I’ve never really liked spring.
You can’t ski.
The trails are too mushy for hiking.
One day it’s borderline shorts weather (so like 50 degrees in northern Minnesota), and the next day it’s 20 degrees with freezing rain.
But last weekend, I found a new appreciation for my least favorite season.
A while ago we had a maple tree fall down in our yard and like you do when that happens, my husband cut it, split it and loaded it up in the trailer to be brought to the hunting shack to heat the wood stove.
After unloading the logs in the makeshift woodshed built from scrap material left over from when we built the shack, my husband and I put on our mud boots and went for a walk around the trails on the property (which is only an hour away from home).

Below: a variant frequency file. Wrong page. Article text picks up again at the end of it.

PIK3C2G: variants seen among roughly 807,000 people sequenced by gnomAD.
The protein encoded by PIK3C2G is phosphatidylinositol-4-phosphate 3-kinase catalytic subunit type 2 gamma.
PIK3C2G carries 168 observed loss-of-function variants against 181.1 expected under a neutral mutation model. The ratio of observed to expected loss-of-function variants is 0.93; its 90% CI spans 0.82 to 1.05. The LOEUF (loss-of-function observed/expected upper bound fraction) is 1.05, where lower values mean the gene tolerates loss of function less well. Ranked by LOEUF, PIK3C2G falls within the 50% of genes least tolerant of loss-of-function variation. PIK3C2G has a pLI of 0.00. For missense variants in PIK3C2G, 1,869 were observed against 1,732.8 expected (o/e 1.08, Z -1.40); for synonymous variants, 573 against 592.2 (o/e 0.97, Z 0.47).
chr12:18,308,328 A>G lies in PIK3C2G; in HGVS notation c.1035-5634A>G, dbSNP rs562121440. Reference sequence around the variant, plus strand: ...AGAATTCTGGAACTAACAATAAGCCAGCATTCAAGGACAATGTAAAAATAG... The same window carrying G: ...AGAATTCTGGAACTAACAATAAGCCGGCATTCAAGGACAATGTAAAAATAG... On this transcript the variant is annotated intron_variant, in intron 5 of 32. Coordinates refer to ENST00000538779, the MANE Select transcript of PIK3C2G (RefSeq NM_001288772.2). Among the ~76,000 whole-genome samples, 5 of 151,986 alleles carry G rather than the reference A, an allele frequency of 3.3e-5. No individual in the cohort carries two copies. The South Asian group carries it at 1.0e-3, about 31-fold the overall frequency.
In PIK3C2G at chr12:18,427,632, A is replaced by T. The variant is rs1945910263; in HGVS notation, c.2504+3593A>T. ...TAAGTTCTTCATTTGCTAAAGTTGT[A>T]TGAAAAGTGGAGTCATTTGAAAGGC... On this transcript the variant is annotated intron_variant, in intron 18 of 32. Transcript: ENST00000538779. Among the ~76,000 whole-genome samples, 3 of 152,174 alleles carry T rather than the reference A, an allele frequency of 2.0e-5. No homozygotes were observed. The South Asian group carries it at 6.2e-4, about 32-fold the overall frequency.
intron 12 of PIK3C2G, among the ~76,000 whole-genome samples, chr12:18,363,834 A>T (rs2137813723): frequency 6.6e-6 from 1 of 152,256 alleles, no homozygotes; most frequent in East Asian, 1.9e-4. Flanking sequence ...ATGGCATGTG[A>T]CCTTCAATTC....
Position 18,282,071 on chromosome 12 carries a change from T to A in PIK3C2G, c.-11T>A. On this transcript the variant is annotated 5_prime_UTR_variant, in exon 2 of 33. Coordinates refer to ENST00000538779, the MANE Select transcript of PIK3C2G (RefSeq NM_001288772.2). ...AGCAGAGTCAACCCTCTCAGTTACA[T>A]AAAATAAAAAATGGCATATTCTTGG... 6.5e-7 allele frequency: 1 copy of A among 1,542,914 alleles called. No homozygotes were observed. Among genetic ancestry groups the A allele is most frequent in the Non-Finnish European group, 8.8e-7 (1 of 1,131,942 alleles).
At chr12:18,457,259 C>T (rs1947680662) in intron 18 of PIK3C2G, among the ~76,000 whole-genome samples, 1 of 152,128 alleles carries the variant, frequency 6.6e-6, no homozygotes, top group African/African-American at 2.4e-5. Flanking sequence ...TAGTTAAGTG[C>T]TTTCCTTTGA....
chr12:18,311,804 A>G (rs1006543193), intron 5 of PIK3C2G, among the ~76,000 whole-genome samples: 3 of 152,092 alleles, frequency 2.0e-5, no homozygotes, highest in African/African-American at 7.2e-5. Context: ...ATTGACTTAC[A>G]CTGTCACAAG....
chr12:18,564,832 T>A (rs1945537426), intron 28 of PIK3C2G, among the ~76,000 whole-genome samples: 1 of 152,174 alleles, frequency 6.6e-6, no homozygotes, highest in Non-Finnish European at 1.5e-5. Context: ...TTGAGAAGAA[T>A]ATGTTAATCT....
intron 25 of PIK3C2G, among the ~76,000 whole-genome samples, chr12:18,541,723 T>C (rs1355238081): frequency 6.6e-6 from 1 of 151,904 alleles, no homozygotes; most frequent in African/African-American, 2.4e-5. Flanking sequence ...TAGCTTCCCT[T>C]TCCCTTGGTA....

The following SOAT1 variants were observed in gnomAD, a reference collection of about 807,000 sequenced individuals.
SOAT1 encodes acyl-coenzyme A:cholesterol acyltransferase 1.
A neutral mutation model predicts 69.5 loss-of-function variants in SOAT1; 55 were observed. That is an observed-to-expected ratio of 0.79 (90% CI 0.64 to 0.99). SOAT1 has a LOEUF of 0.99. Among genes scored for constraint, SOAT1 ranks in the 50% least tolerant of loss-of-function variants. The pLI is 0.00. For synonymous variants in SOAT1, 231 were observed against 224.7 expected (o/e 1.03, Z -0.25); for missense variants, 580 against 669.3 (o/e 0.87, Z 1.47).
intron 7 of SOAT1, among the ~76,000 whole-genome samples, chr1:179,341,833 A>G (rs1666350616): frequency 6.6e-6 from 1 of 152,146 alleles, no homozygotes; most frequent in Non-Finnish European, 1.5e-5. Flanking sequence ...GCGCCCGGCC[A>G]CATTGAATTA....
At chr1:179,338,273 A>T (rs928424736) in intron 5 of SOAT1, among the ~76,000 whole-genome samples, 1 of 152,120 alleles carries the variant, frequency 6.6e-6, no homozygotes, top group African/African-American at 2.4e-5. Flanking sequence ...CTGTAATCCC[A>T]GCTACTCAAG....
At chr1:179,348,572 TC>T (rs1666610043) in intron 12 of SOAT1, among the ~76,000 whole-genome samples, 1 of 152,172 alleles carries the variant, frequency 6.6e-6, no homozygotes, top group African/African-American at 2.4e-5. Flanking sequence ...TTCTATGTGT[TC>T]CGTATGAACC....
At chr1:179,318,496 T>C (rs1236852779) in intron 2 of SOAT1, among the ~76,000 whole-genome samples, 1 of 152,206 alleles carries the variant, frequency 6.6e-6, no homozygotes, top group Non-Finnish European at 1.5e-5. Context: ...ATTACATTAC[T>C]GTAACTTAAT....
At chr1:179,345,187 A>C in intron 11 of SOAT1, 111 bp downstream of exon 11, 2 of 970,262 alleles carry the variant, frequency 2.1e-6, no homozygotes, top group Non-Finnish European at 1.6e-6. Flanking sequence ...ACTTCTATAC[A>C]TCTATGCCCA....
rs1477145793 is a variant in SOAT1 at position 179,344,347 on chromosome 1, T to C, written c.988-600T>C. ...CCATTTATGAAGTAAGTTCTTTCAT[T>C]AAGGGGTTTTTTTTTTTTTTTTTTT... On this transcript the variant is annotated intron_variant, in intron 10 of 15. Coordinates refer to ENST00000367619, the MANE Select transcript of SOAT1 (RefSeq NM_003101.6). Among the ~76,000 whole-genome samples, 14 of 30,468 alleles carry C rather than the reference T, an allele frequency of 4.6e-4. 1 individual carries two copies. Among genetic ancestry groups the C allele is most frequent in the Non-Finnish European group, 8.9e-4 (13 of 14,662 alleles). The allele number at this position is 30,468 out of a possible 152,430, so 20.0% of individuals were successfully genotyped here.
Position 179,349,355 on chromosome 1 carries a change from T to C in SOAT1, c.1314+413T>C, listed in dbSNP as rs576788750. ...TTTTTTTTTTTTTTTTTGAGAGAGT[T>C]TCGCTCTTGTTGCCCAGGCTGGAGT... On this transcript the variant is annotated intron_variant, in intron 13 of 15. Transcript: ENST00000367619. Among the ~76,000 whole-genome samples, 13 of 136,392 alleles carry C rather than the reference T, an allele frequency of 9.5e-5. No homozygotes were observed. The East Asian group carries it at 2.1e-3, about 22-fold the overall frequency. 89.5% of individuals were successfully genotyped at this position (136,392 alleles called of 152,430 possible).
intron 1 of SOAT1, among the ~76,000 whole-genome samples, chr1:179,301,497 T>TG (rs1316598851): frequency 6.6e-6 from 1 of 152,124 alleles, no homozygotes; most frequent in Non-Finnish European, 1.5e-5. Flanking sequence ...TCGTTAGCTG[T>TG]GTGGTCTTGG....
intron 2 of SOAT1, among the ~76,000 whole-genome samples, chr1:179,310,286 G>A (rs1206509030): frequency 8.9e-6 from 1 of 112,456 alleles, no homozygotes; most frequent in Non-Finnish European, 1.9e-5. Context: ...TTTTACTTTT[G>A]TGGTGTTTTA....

A wood frog chorus guided us through the flooded trails full of frog eggs and tadpoles.
Deer tracks were imprinted in the thick mud.
Grouse drummed their wings in the distance.
A porcupine scurried up a tree.
As we neared the river we heard a familiar sound we hadn’t heard since fall. Mallards.
Down the river, a father and son were paddling their canoe and installing wood duck houses.
A juvenile bald eagle, perched on an oak branch, surveyed the scene.
A pair of swans flew overhead while a garter snake slithered away, avoiding my boot.
All of this, in just a 30-minute walk around the woods.
Maybe it’s because I’ve been cooped up inside for the past 3-4 weeks, but after a weekend spent in the woods, spring doesn’t seem as bad as I once thought it was.